Saturday, October 24, 2015

Standing by their Graves; or, the Morality of Rescue

On Thursday, the first American was killed in Iraq since our withdrawal in 2011. This was Sergeant Joshua Wheeler, 39, of Oklahoma, one of the special forces "operators" we sent to help the Kurds fight the Islamic State. Defense Secretary Ash Carter held a press conference yesterday to explain what happened:
Wheeler was killed in a raid by U.S. and Kurdish commandos on an Islamic State base in Hawijah, Kirkuk province, following a request from the Kurdistan Regional Government. About 70 hostages, including dozens of civilians, were freed. The Pentagon said they faced imminent execution.

Carter added he made the decision to aid the Kurdish troops after receiving actionable intelligence the hostages faced imminent execution. He said the hostages, who have since been debriefed, had told them that their graves had been dug.

“We had seen the graves beforehand,” Carter said.

Here’s how the Pentagon described the U.S. role on Thursday: “The U.S. provided helicopter lift and accompanied Iraqi Peshmerga forces to the compound.” The Peshmerga came under fire, Wheeler was injured, and died later, the Defense Department said.

On Friday, Carter provided more details about Wheeler’s actions: “He ran toward the gunfire,” he said.

He said he was proud of Wheeler’s actions and called them courageous. “It wasn’t part of the plan, but it’s something that he did,” he said.
Since I am on principle opposed to the U.S. charging around the world trying to right wrongs with bombs and bullets, this obviously presents a problem for me. I think we can all understand what Wheeler did, and even admire it. He saw 70 civilian hostages slated for execution by one of the world's most evil regimes, their graves already dug, and rushed to help. The army generally disapproves of soldiers freelancing around the battlefield outside the rules of engagement, but even the Defense Secretary offered no criticism of Wheeler's conduct. Nor is anyone likely to criticize the Secretary for ordering his men to assist the Kurds in this operation. Presented with an aerial photograph of the 70 open graves, how could he not?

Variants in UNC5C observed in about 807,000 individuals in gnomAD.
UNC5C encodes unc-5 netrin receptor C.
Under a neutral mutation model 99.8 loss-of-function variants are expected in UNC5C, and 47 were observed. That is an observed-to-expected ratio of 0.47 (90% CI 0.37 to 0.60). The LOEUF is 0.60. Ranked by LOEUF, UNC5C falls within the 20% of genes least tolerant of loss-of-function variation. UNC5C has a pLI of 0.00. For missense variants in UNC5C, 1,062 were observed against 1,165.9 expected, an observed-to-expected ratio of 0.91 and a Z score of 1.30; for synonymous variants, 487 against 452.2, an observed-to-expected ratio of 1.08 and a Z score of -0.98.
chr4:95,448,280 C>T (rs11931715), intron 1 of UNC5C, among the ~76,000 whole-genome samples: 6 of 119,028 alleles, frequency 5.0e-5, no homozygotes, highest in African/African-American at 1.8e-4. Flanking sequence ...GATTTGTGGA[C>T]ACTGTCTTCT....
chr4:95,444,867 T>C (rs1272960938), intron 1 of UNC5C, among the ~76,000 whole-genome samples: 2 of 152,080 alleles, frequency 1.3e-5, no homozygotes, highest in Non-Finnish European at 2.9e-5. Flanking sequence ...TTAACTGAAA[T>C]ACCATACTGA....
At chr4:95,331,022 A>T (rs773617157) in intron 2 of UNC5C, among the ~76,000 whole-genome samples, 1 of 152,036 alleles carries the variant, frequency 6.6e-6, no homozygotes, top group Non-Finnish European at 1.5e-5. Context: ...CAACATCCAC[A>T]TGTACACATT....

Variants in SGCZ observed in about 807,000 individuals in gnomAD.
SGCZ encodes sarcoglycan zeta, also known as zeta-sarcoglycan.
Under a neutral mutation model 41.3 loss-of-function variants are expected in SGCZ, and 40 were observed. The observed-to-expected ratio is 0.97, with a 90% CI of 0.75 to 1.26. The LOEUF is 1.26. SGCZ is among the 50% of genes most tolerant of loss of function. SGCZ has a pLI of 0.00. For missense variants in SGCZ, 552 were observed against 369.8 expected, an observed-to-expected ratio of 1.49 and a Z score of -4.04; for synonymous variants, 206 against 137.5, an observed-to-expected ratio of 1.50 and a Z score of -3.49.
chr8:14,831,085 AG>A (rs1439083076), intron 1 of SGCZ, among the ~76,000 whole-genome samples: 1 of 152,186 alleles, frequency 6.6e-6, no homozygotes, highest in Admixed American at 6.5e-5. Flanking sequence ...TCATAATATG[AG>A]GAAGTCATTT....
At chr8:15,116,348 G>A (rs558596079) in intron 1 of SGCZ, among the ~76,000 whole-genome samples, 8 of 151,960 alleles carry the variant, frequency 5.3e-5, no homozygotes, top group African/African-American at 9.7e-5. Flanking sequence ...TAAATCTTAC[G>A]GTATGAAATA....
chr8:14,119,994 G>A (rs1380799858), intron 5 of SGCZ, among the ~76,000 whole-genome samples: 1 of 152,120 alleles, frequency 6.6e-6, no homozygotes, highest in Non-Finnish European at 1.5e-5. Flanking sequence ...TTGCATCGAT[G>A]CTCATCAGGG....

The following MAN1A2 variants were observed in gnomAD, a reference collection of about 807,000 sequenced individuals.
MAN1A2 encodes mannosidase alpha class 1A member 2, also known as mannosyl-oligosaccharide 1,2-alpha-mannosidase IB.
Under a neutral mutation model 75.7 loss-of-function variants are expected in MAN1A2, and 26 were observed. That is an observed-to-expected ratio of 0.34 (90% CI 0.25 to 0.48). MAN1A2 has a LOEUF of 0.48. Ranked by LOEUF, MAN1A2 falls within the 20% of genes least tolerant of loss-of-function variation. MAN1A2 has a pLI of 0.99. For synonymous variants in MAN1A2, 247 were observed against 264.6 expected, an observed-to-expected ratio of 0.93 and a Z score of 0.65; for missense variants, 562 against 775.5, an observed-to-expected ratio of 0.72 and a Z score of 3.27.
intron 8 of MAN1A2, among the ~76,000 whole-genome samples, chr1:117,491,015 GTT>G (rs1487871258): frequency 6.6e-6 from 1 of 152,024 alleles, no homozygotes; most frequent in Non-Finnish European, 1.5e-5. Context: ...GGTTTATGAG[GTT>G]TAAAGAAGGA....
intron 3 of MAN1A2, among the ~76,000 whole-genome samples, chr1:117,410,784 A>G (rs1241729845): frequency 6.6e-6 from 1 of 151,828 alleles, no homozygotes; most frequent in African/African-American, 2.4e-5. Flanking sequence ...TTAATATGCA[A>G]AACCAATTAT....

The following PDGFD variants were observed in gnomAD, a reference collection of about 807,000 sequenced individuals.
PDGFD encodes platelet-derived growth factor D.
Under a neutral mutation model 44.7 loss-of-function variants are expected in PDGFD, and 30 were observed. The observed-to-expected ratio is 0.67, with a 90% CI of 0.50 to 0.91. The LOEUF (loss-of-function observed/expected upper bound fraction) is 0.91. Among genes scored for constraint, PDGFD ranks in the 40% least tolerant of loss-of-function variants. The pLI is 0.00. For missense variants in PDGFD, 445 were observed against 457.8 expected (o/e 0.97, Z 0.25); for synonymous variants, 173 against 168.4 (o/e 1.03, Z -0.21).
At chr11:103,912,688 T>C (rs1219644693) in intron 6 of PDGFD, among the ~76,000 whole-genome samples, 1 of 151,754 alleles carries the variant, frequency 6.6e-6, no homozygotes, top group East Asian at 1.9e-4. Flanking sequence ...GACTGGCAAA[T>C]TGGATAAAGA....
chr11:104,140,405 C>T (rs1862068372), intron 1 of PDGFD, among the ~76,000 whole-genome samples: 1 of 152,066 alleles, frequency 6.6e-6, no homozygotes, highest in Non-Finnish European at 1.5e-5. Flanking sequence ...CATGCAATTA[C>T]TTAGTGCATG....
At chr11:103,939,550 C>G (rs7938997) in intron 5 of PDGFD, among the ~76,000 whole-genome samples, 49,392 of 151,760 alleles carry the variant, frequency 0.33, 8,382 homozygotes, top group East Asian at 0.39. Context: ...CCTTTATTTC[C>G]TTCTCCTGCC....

But. The Islamic State only exists because we overthrew Saddam Hussein, a truly monstrous man, with the blood of tens of thousands on his hands. I admit that removing him was a gain for the world, but that has to be balanced against the 120,000 Iraqis and more than 4,000 Americans killed in the war that followed, the trillion dollars spent, the million refugees. And the rise of the Islamic State, the bastard child of Islamic fundamentalism and American shock and awe.

Take a look at Libya, where the U.S., France and Britain intervened to prevent what they thought was an inevitable massacre of people we admired, civilian protesters in the vanguard of the Arab Spring. It strikes me as an almost exact parallel to the choice faced by Sergeant Wheeler; seeing an atrocity about to unfold, he charged in, and so did Obama and his Secretary of State, Hillary. And then once we had defended the virtuous protesters, we decided to help them rid themselves of the wicked regime that threatened them, a government guilty of manifold crimes including bombing at least one airliner. And now Libya is a ruin. Thousands have been killed in the civil war that followed Qaddafi's fall, and hundreds of thousands have been made into refugees. Was it worth it?

What about the world's most evil government, in North Korea? Nobody seriously doubts that we could overthrow that regime if we decided to, and its disappearance would be a greater boon even than the fall of Saddam. But how many would be killed? How many lives ruined? What would the cost be of putting Korea back together?

I feel like a cad, but I have to say: sometimes it is better to let few innocent people be murdered than to charge to the rescue without having any idea what the eventual consequences might be.

1 comment:

G. Verloren said...

We've rebuilt nations before. The Marshall Plan in Europe, Operation Blacklist in Japan... we took utterly devastated nations and rebuilt them from the ground up with modern economies, infrastructure, and governments.

If we had really wanted to, we could have toppled the regimes in Afghanistan and Iraq and ensured they would have been replaced by stable, competant, mutually beneficial local governments.

But that would have taken time, and money, and lots of hard work. It also would have required us to bring in experts, and to devise a detailed plan for reconstruction, and to keep the military active overseas not just defending a handful of "Green Zones", but actually digging in and rooting out insurgents.

We needed to either not get involved at all, or to get utterly involved. But we did neither - we went off half cocked, our heads full of half baked ideas, fought two separate wars entirely by half measures, and in both cases left the job half finished. We were ever so eager to rush in like fools, but once the going got tough, we decided it was time to get going for the door and abandon our mess for others to clean up.